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Future Scenario: Green Tech and Distributed Powerdown

In Future Scenarios, permaculture co-originator and leading sustainability innovator David Holmgren outlines four scenarios that bring to life the likely cultural, political, agricultural, and economic implications of peak oil and climate change, and the generations-long era of “energy descent” that faces us.

The following is an excerpt from Future Scenarios: How Communities Can Adapt to Peak Oil and Climate Change by David Holmgren. It has been adapted for the Web.

The green-tech scenario is the most benign, in that adverse climate changes are at the low end of projections. Oil and gas production decline slowly as in the brown-tech future, so the sense of chaos and crisis is more muted without major economic collapse or conflict. This allows resources to flow to a greater diversity of responses at the global, national, city, community, and individual level. In some already densely populated poor countries, conditions worsen.

Higher commodity prices, however, allow some poorer producer economies to escape their debt cycle, while programs to empower women result in rapid reduction in the birthrate. The gradual reduction in the capacity of countries to project power globally, owing to rising energy costs, increases national security and redirection of resources away from defense and resource capture to resource conservation and technological innovation. The consolidation of global communication systems maintains global outlooks and understandings if not global economics.

As in the brown-tech scenario, electrification is a key element in the energy transition, but the renewable energy sources of wind, biomass, solar, hydro, tidal, and wave grow rapidly, developing a more diverse and distributed mix. The relatively benign climate allows a resurgence of rural and regional economies on the back of sustained and growing prices for all natural commodities including feedstock for biofuels.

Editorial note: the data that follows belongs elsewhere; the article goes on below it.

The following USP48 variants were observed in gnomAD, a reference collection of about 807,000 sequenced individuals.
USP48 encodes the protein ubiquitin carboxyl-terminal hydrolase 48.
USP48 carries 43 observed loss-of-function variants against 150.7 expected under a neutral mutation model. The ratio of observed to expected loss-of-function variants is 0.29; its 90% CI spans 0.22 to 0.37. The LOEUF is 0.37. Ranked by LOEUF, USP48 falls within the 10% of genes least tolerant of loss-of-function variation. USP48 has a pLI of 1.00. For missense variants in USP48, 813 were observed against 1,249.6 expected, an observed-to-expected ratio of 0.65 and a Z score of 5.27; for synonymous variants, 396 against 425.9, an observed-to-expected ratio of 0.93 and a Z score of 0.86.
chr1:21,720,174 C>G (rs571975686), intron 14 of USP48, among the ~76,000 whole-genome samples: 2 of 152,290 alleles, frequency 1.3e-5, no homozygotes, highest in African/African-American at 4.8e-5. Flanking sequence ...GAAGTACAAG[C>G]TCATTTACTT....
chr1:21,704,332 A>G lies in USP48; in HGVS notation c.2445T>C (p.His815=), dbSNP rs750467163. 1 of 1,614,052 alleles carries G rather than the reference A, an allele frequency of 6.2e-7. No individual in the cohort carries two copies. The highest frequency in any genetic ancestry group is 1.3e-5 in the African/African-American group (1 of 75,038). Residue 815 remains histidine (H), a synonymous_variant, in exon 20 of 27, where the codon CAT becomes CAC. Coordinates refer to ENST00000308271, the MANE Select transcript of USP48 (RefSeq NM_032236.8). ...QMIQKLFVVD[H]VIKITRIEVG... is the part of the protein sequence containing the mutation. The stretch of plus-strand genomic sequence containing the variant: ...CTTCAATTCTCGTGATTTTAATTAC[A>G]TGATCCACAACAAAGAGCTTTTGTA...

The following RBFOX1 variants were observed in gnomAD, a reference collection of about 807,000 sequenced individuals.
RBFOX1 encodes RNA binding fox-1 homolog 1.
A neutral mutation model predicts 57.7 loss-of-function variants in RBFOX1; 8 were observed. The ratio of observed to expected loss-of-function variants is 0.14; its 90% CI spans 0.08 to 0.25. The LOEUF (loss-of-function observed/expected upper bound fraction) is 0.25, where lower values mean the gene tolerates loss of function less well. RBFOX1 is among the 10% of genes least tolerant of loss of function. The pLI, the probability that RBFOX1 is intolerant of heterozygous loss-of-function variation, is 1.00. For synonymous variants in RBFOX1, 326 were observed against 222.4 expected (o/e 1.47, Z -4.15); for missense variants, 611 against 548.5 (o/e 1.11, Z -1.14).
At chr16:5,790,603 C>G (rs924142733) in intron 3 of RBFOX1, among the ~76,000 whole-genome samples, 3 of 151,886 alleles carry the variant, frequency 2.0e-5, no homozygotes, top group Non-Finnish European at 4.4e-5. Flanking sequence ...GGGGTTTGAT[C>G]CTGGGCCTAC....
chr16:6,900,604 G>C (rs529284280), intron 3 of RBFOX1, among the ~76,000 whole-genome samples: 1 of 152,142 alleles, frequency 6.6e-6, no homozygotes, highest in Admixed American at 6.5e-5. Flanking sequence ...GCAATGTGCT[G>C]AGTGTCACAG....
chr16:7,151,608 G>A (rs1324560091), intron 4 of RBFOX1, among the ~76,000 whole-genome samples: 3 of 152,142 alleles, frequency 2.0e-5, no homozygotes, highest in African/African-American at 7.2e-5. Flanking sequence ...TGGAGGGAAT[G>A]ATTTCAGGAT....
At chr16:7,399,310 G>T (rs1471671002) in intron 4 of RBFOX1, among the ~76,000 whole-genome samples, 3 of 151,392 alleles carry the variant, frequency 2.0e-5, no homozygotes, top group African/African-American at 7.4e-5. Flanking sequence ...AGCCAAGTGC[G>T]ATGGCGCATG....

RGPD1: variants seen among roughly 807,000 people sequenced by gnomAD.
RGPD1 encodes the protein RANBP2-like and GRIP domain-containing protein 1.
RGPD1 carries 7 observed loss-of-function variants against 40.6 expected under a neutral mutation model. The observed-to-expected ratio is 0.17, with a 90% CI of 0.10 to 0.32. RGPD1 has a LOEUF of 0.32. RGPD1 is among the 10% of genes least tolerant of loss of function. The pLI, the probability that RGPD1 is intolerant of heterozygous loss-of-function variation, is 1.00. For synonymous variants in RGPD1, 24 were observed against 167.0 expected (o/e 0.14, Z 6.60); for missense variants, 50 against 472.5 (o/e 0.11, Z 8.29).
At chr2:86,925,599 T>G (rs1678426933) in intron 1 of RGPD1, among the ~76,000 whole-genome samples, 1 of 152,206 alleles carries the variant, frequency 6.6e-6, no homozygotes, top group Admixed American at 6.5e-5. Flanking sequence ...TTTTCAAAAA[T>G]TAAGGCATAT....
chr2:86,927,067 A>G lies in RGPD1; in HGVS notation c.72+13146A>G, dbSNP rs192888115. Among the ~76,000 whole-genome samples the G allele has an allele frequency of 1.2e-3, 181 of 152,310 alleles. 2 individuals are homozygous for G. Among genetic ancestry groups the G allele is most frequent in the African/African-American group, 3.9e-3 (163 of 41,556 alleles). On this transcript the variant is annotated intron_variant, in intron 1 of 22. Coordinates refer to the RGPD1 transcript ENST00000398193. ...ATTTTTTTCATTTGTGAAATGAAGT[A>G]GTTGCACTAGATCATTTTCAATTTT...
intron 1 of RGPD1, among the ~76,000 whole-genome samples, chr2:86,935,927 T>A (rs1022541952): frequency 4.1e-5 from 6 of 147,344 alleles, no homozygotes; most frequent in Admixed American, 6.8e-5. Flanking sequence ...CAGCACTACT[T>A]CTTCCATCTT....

The principles behind organic agriculture and ecological management and resource allocation become the norm in many farming systems, helping to stabilize agriculture challenged by increasing cost of energy inputs and (albeit mild) climate change.

The accelerating conflict between biofuels and food is stabilized if not resolved by government subsidies to support food supply from agriculture, with biofuels coming mainly from forestry waste. In many regions with prime agricultural land and small populations, wealthy farmers and agribusiness corporations are the main beneficiaries, employing both high technology and cheap labor from migrant workers. In some regions, with poorer and steeper land and more diversified land ownership, smallerscale polyculture systems designed using permaculture principles spread wealth more evenly through local communities.

Continuous contraction affects large sections of the economy, but the energy, resource, and agriculture sectors along with recycling and retrofit industries experience rapid growth based on high commodity prices that are sustained despite economic recession in the main consuming economies. In some affluent countries, reform of monetary systems lowers the scale of financial collapses and refocuses capital on productive and socially useful innovation and investment.

Information technology continues to yield gains in energy and resource management, from real-time pricing and selfhealing electrical grids, to Internet-based ride-sharing systems and telecommuting. Conservation yields the greatest gains with major public policies to change personal and organizational behavior. In other countries, especially the United States, the apparent opportunities for continued economic growth, combined with government policies to support a low-carbon economy, lead to a renewable-energy investment bubble followed by a severe recession.